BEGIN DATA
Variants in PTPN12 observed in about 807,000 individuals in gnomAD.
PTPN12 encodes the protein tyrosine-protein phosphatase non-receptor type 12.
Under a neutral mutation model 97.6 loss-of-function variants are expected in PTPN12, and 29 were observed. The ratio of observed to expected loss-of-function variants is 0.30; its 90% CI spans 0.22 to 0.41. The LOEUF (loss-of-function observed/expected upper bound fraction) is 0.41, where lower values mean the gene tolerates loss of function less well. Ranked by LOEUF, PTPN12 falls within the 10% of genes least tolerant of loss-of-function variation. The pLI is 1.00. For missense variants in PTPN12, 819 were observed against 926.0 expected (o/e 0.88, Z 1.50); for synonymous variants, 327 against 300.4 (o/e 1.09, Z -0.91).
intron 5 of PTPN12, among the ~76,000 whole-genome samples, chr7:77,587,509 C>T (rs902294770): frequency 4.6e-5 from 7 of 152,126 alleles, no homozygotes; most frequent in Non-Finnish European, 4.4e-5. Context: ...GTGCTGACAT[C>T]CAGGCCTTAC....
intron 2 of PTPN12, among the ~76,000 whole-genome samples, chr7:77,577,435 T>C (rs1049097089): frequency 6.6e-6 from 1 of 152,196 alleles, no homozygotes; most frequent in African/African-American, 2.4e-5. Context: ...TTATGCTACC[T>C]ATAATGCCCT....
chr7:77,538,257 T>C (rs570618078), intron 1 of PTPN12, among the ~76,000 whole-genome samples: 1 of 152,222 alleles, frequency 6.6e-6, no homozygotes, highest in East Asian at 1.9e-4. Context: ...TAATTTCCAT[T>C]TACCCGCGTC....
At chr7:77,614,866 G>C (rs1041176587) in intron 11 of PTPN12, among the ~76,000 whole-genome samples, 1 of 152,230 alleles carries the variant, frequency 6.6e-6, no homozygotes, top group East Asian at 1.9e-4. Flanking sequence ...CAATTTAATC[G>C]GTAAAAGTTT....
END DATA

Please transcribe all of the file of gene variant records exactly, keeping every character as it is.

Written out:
Variants in PTPN12 observed in about 807,000 individuals in gnomAD.
PTPN12 encodes the protein tyrosine-protein phosphatase non-receptor type 12.
Under a neutral mutation model 97.6 loss-of-function variants are expected in PTPN12, and 29 were observed. The ratio of observed to expected loss-of-function variants is 0.30; its 90% CI spans 0.22 to 0.41. The LOEUF (loss-of-function observed/expected upper bound fraction) is 0.41, where lower values mean the gene tolerates loss of function less well. Ranked by LOEUF, PTPN12 falls within the 10% of genes least tolerant of loss-of-function variation. The pLI is 1.00. For missense variants in PTPN12, 819 were observed against 926.0 expected (o/e 0.88, Z 1.50); for synonymous variants, 327 against 300.4 (o/e 1.09, Z -0.91).
intron 5 of PTPN12, among the ~76,000 whole-genome samples, chr7:77,587,509 C>T (rs902294770): frequency 4.6e-5 from 7 of 152,126 alleles, no homozygotes; most frequent in Non-Finnish European, 4.4e-5. Context: ...GTGCTGACAT[C>T]CAGGCCTTAC....
intron 2 of PTPN12, among the ~76,000 whole-genome samples, chr7:77,577,435 T>C (rs1049097089): frequency 6.6e-6 from 1 of 152,196 alleles, no homozygotes; most frequent in African/African-American, 2.4e-5. Context: ...TTATGCTACC[T>C]ATAATGCCCT....
chr7:77,538,257 T>C (rs570618078), intron 1 of PTPN12, among the ~76,000 whole-genome samples: 1 of 152,222 alleles, frequency 6.6e-6, no homozygotes, highest in East Asian at 1.9e-4. Context: ...TAATTTCCAT[T>C]TACCCGCGTC....
At chr7:77,614,866 G>C (rs1041176587) in intron 11 of PTPN12, among the ~76,000 whole-genome samples, 1 of 152,230 alleles carries the variant, frequency 6.6e-6, no homozygotes, top group East Asian at 1.9e-4. Flanking sequence ...CAATTTAATC[G>C]GTAAAAGTTT....